Mechanisms of Misreporting to Filter QuestionsISER External Seminars

To avoid asking respondents questions that do not apply to them, many surveys use filter questions to determine routing into follow up items. Filter questions can be asked in an interleafed format, in which follow up questions are asked immediately after each relevant filter, or a grouped format, in which follow-up questions are asked only after multiple filters have been administered. Most previous studies of the phenomenon have found that the grouped format collects more affirmative answers to the filter questions than the interleafed format. The interpretation generally given is that respondents in the interleafed format learn that they can shorten the questionnaire by answering negatively. However, such “motivated underreporting” is only one of several potential mechanisms that could produce the observed differences in responses. Acquiescence could also explain the response patterns found in previous studies.

In the fall of 2011, we carried out a telephone survey (n=2400) specifically designed to test the mechanisms of differential reporting to the two filter question formats. Our experiments extended previous work by experimentally contrasting three different filter formats: 1) asking all filters before asking follow-up questions, 2) grouping filters by topic and asking follow-up questions after each group of filters, and 3) interleafed format. We also ask filters for which the follow-up questions are triggered by ‘no’ responses, in addition to the filters triggered by ‘yes’ responses previously studied. Our study also included a link to administrative data, and thus we can report with greater certainty than previous studies which filter format collects the highest quality data to the filter questions. The experimental design allows us to distinguish between the motivated underreporting and acquiescence phenomena. We find support for both explanations, but on balance show that the motivated underreporting explanation fits the observed patterns better.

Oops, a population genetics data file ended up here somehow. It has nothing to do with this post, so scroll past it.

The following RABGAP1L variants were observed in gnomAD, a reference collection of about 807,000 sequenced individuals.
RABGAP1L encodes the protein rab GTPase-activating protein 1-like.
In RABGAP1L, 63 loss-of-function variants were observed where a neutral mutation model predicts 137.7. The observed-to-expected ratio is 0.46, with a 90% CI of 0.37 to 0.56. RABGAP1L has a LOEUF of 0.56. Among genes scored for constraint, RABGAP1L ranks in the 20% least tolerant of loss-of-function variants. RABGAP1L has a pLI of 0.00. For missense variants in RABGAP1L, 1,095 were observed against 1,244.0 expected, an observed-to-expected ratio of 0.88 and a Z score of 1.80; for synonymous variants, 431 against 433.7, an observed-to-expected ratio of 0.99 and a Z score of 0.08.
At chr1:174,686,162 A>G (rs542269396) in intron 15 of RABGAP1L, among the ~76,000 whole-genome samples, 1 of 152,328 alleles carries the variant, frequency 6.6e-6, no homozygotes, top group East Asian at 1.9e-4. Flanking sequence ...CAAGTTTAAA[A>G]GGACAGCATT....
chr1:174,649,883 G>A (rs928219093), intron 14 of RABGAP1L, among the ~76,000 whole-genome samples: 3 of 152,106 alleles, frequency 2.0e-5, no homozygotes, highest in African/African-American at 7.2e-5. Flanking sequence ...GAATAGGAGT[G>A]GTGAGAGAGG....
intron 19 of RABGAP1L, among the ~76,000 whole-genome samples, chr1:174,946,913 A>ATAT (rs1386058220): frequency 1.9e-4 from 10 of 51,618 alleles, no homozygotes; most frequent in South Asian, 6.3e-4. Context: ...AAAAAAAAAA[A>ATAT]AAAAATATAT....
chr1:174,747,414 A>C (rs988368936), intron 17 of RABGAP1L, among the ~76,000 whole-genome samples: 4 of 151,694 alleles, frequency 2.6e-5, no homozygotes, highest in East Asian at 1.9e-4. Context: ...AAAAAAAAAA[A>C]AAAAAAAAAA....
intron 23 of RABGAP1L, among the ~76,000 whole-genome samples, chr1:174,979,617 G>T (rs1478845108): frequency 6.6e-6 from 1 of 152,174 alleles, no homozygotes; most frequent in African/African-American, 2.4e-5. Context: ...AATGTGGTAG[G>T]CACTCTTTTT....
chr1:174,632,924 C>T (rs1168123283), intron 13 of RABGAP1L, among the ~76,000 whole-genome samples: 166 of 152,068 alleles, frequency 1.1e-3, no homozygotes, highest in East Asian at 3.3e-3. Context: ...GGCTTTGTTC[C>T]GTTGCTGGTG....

Presented by:

Stephanie Eckman (IAB)

Date & time:

7 Nov 2011 16:00 pm - 7 Nov 2011 17:30 pm

External seminars home


Latest findings, new research

Publications search

Search all research by subject and author


Researchers discuss their findings and what they mean for society


Background and context, methods and data, aims and outputs


Conferences, seminars and workshops

Survey methodology

Specialist research, practice and study

Taking the long view

ISER's annual report


Key research themes and areas of interest